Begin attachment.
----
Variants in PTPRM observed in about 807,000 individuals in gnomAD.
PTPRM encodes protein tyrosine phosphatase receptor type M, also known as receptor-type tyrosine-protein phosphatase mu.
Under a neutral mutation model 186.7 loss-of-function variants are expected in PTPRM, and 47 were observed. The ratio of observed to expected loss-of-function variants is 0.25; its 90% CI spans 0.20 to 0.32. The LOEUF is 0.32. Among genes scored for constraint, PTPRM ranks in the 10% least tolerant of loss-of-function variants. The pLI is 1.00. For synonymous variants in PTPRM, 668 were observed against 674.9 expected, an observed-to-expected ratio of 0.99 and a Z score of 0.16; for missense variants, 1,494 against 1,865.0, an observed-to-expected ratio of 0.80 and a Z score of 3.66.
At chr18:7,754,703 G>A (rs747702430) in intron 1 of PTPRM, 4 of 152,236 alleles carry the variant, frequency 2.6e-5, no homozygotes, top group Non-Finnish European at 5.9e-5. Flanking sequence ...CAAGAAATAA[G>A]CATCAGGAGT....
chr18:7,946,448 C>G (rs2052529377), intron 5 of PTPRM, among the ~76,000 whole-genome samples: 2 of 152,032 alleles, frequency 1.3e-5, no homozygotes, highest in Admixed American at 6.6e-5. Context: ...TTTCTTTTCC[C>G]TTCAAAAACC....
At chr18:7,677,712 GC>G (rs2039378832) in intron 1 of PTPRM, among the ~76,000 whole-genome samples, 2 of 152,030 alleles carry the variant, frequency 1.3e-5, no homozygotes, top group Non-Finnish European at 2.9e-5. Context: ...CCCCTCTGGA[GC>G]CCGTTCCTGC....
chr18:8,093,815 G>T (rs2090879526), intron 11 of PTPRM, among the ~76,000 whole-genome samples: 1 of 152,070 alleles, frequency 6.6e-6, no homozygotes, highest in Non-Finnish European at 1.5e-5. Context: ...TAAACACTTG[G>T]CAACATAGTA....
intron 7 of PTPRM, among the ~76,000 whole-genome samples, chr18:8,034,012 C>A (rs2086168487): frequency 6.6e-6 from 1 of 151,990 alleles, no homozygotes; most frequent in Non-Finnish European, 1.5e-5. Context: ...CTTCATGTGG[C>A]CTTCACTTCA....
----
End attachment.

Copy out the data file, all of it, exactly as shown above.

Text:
Variants in PTPRM observed in about 807,000 individuals in gnomAD.
PTPRM encodes protein tyrosine phosphatase receptor type M, also known as receptor-type tyrosine-protein phosphatase mu.
Under a neutral mutation model 186.7 loss-of-function variants are expected in PTPRM, and 47 were observed. The ratio of observed to expected loss-of-function variants is 0.25; its 90% CI spans 0.20 to 0.32. The LOEUF is 0.32. Among genes scored for constraint, PTPRM ranks in the 10% least tolerant of loss-of-function variants. The pLI is 1.00. For synonymous variants in PTPRM, 668 were observed against 674.9 expected, an observed-to-expected ratio of 0.99 and a Z score of 0.16; for missense variants, 1,494 against 1,865.0, an observed-to-expected ratio of 0.80 and a Z score of 3.66.
At chr18:7,754,703 G>A (rs747702430) in intron 1 of PTPRM, 4 of 152,236 alleles carry the variant, frequency 2.6e-5, no homozygotes, top group Non-Finnish European at 5.9e-5. Flanking sequence ...CAAGAAATAA[G>A]CATCAGGAGT....
chr18:7,946,448 C>G (rs2052529377), intron 5 of PTPRM, among the ~76,000 whole-genome samples: 2 of 152,032 alleles, frequency 1.3e-5, no homozygotes, highest in Admixed American at 6.6e-5. Context: ...TTTCTTTTCC[C>G]TTCAAAAACC....
At chr18:7,677,712 GC>G (rs2039378832) in intron 1 of PTPRM, among the ~76,000 whole-genome samples, 2 of 152,030 alleles carry the variant, frequency 1.3e-5, no homozygotes, top group Non-Finnish European at 2.9e-5. Context: ...CCCCTCTGGA[GC>G]CCGTTCCTGC....
chr18:8,093,815 G>T (rs2090879526), intron 11 of PTPRM, among the ~76,000 whole-genome samples: 1 of 152,070 alleles, frequency 6.6e-6, no homozygotes, highest in Non-Finnish European at 1.5e-5. Context: ...TAAACACTTG[G>T]CAACATAGTA....
intron 7 of PTPRM, among the ~76,000 whole-genome samples, chr18:8,034,012 C>A (rs2086168487): frequency 6.6e-6 from 1 of 151,990 alleles, no homozygotes; most frequent in Non-Finnish European, 1.5e-5. Context: ...CTTCATGTGG[C>A]CTTCACTTCA....